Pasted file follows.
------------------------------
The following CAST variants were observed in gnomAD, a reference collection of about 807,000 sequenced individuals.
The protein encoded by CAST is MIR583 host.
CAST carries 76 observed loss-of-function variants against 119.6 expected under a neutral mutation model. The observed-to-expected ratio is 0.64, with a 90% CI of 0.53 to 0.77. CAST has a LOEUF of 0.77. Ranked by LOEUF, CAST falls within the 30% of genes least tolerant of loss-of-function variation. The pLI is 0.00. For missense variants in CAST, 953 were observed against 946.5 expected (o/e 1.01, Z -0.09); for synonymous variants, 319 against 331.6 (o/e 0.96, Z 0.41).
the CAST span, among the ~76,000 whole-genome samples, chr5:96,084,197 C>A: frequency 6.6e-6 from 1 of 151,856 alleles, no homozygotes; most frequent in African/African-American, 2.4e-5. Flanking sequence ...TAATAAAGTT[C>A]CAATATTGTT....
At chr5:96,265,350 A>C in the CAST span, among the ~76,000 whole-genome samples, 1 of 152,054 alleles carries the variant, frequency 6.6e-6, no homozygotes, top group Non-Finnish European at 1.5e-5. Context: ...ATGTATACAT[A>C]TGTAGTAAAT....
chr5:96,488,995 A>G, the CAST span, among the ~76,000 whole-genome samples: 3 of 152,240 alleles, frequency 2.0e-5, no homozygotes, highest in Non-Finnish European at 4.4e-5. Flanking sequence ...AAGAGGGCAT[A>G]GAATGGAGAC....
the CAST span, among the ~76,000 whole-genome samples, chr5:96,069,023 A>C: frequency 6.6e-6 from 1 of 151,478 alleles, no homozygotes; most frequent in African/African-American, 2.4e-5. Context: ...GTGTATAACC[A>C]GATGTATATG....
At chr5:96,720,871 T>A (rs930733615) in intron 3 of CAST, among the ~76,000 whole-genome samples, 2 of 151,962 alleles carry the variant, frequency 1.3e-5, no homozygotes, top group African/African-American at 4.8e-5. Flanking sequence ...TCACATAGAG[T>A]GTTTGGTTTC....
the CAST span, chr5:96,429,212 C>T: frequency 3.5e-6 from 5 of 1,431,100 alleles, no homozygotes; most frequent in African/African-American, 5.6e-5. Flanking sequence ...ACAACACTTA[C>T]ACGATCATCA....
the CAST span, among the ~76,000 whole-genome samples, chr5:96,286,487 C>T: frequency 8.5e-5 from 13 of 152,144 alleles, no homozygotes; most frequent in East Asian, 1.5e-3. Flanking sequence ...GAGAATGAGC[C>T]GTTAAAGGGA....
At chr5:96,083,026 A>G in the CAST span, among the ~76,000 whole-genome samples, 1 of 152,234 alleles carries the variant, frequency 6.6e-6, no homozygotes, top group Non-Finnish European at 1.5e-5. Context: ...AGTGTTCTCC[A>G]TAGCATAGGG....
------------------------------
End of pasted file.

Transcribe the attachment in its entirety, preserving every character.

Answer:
The following CAST variants were observed in gnomAD, a reference collection of about 807,000 sequenced individuals.
The protein encoded by CAST is MIR583 host.
CAST carries 76 observed loss-of-function variants against 119.6 expected under a neutral mutation model. The observed-to-expected ratio is 0.64, with a 90% CI of 0.53 to 0.77. CAST has a LOEUF of 0.77. Ranked by LOEUF, CAST falls within the 30% of genes least tolerant of loss-of-function variation. The pLI is 0.00. For missense variants in CAST, 953 were observed against 946.5 expected (o/e 1.01, Z -0.09); for synonymous variants, 319 against 331.6 (o/e 0.96, Z 0.41).
the CAST span, among the ~76,000 whole-genome samples, chr5:96,084,197 C>A: frequency 6.6e-6 from 1 of 151,856 alleles, no homozygotes; most frequent in African/African-American, 2.4e-5. Flanking sequence ...TAATAAAGTT[C>A]CAATATTGTT....
At chr5:96,265,350 A>C in the CAST span, among the ~76,000 whole-genome samples, 1 of 152,054 alleles carries the variant, frequency 6.6e-6, no homozygotes, top group Non-Finnish European at 1.5e-5. Context: ...ATGTATACAT[A>C]TGTAGTAAAT....
chr5:96,488,995 A>G, the CAST span, among the ~76,000 whole-genome samples: 3 of 152,240 alleles, frequency 2.0e-5, no homozygotes, highest in Non-Finnish European at 4.4e-5. Flanking sequence ...AAGAGGGCAT[A>G]GAATGGAGAC....
the CAST span, among the ~76,000 whole-genome samples, chr5:96,069,023 A>C: frequency 6.6e-6 from 1 of 151,478 alleles, no homozygotes; most frequent in African/African-American, 2.4e-5. Context: ...GTGTATAACC[A>C]GATGTATATG....
At chr5:96,720,871 T>A (rs930733615) in intron 3 of CAST, among the ~76,000 whole-genome samples, 2 of 151,962 alleles carry the variant, frequency 1.3e-5, no homozygotes, top group African/African-American at 4.8e-5. Flanking sequence ...TCACATAGAG[T>A]GTTTGGTTTC....
the CAST span, chr5:96,429,212 C>T: frequency 3.5e-6 from 5 of 1,431,100 alleles, no homozygotes; most frequent in African/African-American, 5.6e-5. Flanking sequence ...ACAACACTTA[C>T]ACGATCATCA....
the CAST span, among the ~76,000 whole-genome samples, chr5:96,286,487 C>T: frequency 8.5e-5 from 13 of 152,144 alleles, no homozygotes; most frequent in East Asian, 1.5e-3. Flanking sequence ...GAGAATGAGC[C>T]GTTAAAGGGA....
At chr5:96,083,026 A>G in the CAST span, among the ~76,000 whole-genome samples, 1 of 152,234 alleles carries the variant, frequency 6.6e-6, no homozygotes, top group Non-Finnish European at 1.5e-5. Context: ...AGTGTTCTCC[A>G]TAGCATAGGG....